In the 2019 Welsh Election Study, we (Richard Wyn Jones, Dan Wincott, Ed Gareth Poole and I) asked respondents their thoughts on some of the questions social scientists have been grappling with about elections in Wales:
1. Historically, the Labour Party in Wales have tended to do better than in the rest of Britain. Why do you think this is?
2. Conservative support in Wales has historically been lower than in the rest of Britain. Why do you think this is?
3. Plaid Cymru has not been able to replicate the success of the SNP in Scotland. …
The question of Wales’ constitutional settlement has recieved increased attention in recent months. In particular, questions of constitutional preferences in the ITV Wales Barometer polls are more frequently becoming headline news, both within and outside of Wales. Depending on who you listen to, you might think that support for independence is surging or the Welsh public are fed up with devolution and want to scrap the whole thing.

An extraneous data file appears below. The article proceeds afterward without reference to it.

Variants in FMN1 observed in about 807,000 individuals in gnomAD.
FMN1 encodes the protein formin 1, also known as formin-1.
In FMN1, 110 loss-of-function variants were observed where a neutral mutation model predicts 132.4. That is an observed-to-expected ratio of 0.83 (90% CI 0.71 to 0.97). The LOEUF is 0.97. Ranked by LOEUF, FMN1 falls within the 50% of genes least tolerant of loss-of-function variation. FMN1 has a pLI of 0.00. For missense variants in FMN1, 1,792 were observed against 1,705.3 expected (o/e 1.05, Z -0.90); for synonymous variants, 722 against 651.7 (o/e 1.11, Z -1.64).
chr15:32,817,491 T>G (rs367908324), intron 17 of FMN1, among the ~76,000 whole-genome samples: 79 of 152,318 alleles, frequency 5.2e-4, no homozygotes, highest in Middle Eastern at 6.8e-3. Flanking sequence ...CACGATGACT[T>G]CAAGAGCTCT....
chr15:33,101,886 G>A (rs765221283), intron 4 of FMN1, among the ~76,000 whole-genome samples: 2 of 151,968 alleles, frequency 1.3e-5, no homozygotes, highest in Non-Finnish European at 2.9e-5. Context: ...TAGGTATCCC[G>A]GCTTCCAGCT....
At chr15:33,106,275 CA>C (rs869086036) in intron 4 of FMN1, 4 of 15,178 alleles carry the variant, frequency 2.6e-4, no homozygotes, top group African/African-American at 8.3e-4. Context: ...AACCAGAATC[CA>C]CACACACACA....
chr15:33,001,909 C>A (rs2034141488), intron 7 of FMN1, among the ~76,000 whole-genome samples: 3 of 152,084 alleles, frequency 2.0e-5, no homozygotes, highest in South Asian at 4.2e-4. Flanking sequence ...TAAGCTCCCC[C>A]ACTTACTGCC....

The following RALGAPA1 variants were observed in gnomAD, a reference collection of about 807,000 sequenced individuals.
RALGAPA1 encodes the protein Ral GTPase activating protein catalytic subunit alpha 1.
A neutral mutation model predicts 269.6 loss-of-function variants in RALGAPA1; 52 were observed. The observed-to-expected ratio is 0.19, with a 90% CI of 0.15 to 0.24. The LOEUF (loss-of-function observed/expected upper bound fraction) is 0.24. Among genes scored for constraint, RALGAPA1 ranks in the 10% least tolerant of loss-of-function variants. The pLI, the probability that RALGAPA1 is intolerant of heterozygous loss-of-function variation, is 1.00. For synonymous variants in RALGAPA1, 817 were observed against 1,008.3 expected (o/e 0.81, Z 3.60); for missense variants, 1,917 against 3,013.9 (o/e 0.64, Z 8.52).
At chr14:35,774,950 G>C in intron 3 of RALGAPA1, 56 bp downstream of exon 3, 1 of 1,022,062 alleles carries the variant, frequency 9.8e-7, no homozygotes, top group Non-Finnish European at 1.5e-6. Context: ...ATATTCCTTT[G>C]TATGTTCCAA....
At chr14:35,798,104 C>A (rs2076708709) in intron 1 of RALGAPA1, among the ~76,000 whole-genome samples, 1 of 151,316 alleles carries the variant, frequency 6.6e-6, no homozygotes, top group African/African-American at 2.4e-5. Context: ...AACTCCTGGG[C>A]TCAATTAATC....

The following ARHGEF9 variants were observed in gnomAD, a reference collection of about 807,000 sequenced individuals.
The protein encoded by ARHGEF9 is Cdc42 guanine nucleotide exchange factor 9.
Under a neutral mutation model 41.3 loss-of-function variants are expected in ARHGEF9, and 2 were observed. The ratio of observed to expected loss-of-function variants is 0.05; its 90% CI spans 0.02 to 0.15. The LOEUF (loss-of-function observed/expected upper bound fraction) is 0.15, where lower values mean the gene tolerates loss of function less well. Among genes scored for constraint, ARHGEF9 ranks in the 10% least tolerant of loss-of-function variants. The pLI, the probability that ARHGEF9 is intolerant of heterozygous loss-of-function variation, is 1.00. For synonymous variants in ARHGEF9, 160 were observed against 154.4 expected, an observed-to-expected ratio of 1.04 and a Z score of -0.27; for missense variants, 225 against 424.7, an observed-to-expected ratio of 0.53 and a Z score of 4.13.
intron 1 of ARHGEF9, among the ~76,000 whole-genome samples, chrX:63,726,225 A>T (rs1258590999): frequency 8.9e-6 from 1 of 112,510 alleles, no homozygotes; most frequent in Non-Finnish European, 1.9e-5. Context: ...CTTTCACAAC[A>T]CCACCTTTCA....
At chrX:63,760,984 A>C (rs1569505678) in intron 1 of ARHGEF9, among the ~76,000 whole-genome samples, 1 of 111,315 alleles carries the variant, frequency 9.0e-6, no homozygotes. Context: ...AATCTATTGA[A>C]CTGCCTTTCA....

Given its growing prominence, I thought it was worth looking at the different ways surveys (and specifically the Barometer surveys) actually measure these preferences and what we should (and shouldn’t) take from the results. …
By comparing the Welsh Barometer polls from just prior to the campaign beginning and the most recent (and final) poll we can see which issues have become more or less salient over the course of the General Election campaign in Wales.
‘Health’ is the biggest mover, with just under half of respondents naming it as one of the top 3 most important issues at this General Election, with ‘Crime’ and ‘More powers for Wales’ seeing the largest decrease in salience.